In all, the recent establishment of Japanese manufacturing investments in Cascadia’s electronics and high technology sector has been a welcoming diversifier to the Pacific Northwest’s economy, despite its metropolitan bias. Nonetheless, as already cautioned by the author elsewhere, a broad strategy with regards to these new investments may be required by host regional governments to ensure full participation by local firms in Japanese projects, and to protect local industrial and research interests (see Edgington 1991a). For example, in Washington, Boeing is involved with a Japanese consortium to share risks involved in developing the Boeing 777. Boeing’s response to criticism that it relinquished technology in order to win sales has been that vendors must respond to buyer’s aspirations or lose the business to competitors. Nonetheless, Japanese designers and suppliers have fully integrated into Boeing’s 777 aircraft production (Awanohara 1991). In Oregon, Bain (1991) reported that Japanese manufacturers in the Portland area had avoided local suppliers in favour of their keiretsu-linked Japanese firms (such as members of large Japanese enterprise groups) located in California and the American mid-west.
Japanese Tourism and Related Investments
Beyond manufacturing, Japanese corporations have also been active in the Pacific Northwest’s service economy. Tourism has been the major interest here, as during the 1980s the Japanese government encouraged its citizens to travel overseas in an effort to reduce the country’s burgeoning trade surpluses. A `10 Million Programme’ was initiated in 1987, aimed at encouraging 10 million Japanese consumers to spend more time and money on travel by 1992 (Ministry of Transport 1991). In fact, the number of Japanese outbound travellers — including tourists and business travellers — exceeded the goal of ten million, two years early in 1990 (ibid.). The major attractions of Cascadia — its scenic landscapes, open spaces and outdoor recreational opportunities — have made the region an attractive tourist destination for urban based Japanese visitors. Tourism has in fact been shown to be the fourth largest income producing industry among the Northwest Pacific states and provinces (Pacific NorthWest Economic Region 1993).
Still, while the number of Japanese tourists has increased throughout the region — and all three major urban centres in Cascadia are well served with trans-Pacific air routes — only B.C. presented a viable series of destination resorts on Cascadia that could attract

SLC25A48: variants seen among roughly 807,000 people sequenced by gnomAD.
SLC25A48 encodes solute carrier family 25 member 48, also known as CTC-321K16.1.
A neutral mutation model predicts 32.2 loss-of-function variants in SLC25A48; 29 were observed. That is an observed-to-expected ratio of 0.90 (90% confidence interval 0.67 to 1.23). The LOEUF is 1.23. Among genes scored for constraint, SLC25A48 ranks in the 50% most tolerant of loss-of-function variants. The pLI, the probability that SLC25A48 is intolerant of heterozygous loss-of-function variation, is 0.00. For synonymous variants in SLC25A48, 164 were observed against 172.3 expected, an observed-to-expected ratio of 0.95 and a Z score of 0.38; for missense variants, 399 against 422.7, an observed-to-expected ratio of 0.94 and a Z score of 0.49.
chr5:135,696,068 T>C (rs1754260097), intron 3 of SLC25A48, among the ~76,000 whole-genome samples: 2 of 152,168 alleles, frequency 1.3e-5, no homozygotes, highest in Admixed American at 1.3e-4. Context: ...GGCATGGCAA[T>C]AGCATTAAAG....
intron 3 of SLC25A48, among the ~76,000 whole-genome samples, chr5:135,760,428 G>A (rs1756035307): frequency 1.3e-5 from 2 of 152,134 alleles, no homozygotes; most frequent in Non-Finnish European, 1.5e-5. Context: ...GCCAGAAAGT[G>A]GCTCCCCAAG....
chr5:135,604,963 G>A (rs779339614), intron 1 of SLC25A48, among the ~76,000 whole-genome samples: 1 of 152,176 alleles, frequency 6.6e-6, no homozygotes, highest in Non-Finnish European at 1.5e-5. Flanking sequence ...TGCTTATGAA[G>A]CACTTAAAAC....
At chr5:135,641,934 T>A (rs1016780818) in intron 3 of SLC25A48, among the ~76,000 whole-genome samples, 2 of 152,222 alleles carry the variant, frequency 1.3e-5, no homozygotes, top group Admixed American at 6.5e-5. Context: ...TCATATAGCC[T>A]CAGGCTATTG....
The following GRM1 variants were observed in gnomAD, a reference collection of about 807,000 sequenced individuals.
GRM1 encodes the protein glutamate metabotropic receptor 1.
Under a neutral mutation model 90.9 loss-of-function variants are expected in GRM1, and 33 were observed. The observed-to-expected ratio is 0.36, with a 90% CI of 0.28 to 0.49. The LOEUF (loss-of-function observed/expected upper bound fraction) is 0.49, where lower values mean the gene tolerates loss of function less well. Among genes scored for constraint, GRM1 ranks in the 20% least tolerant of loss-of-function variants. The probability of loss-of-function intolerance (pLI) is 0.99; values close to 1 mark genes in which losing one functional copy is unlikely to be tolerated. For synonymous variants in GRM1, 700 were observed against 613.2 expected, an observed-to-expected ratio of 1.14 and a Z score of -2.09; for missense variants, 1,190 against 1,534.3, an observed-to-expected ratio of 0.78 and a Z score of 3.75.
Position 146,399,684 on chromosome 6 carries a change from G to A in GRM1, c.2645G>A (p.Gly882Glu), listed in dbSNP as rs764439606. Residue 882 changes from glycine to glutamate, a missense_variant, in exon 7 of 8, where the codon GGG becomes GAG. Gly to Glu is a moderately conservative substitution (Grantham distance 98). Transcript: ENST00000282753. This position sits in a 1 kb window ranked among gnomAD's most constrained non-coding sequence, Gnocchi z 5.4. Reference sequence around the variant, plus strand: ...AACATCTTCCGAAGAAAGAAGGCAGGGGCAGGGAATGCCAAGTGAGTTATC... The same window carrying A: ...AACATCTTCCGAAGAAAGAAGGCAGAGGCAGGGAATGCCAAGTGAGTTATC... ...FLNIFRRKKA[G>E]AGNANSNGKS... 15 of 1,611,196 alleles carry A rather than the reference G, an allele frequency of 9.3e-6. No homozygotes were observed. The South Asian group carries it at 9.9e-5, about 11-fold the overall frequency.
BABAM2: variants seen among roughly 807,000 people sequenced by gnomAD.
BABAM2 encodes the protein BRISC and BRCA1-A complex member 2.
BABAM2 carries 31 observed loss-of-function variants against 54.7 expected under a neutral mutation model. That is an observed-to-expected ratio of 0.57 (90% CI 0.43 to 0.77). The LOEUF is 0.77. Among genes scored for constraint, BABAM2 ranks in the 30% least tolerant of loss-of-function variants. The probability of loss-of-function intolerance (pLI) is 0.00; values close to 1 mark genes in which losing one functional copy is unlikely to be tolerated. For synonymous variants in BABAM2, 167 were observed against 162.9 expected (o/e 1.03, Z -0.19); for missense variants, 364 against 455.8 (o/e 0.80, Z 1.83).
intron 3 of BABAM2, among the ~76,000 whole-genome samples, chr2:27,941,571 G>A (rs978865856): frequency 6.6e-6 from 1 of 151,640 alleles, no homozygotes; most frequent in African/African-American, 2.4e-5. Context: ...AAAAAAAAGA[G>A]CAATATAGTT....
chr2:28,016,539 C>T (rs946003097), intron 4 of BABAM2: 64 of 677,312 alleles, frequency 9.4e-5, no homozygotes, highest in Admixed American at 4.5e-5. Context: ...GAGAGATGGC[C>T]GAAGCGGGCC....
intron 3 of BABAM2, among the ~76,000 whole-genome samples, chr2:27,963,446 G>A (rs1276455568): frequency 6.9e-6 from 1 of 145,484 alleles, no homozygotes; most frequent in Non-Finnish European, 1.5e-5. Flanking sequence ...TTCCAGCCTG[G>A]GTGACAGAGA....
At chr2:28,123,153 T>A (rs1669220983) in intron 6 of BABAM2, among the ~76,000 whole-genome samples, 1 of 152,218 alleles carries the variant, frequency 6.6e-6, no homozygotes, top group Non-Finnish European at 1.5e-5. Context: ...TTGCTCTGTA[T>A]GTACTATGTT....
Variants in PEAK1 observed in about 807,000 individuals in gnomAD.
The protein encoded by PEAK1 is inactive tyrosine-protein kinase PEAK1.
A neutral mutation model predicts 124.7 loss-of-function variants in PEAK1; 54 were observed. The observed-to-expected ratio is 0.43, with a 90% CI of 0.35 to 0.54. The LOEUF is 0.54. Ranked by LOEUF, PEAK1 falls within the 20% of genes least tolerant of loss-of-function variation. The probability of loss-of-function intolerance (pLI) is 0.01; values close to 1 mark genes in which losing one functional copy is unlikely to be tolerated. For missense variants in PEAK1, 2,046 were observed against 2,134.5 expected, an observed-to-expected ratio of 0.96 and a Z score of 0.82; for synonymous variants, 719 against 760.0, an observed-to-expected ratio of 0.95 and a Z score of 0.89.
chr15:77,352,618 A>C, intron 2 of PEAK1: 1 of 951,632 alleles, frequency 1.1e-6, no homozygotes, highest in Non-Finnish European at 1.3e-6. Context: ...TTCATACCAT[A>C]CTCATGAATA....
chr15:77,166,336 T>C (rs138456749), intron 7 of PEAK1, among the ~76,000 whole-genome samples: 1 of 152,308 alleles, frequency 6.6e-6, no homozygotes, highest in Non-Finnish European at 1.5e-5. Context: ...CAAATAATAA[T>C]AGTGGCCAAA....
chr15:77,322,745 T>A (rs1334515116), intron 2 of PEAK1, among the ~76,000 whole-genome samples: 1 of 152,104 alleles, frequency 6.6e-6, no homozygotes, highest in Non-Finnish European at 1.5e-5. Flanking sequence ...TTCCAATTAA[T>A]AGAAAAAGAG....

thousands of tourists to a single site. Whistler, B.C., for example, grew to be the number one international destination for Japanese skiers in the late-1980s (Edgington 1992). This imbalance in B.C.’s favour is reflected by the numbers of Japanese visitors recorded in
1991 for each state and province–British Columbia 189,255; Washington 40,837; and Oregon 17,445 (data provided by B.C. Ministry of Economic Development, Small Business and Trade; Washington State Department of Trade and Economic Development; Oregon Economic Development Department). The sharp increase in Japanese visitors to British Columbia in the late 1980s assisted tourism to overtake mining as the second largest sector of the B.C. economy behind the forestry sector (see Edgington 1991b). In this regard, action has already been taken to jointly promote the region to international tourists. Nonetheless, tourism per se is unlikely to lead to a highly paid flexible workforce; hotel and restaurant work is in large part unskilled, part-time or casual, and poorly paid–typically 50-60 per cent of average wages (Pacific Northwest Economic Region 1994).
In terms of tourism investments, Japanese property investors soon followed the boom in Japanese tourism world-wide, and in Cascadia most of this activity took place in B.C., where they were active in selectively buying hotels and destination resorts in the core
`golden triangle’ area of Vancouver, Victoria and the Whistler ski resort (Edgington 1994b). It should be noted, however, that Cascadia has not been able to attract much Japanese investment in other service activities. Thus, Japanese corporate regional headquarters and research centres in North America, as well as Japanese financial institutions, have set up in New York, Toronto, or California, rather than in the Pacific Northwest (Rose 1991; Edgington 1992; Edgington and Fruin 1994; Florida and Kenney 1994).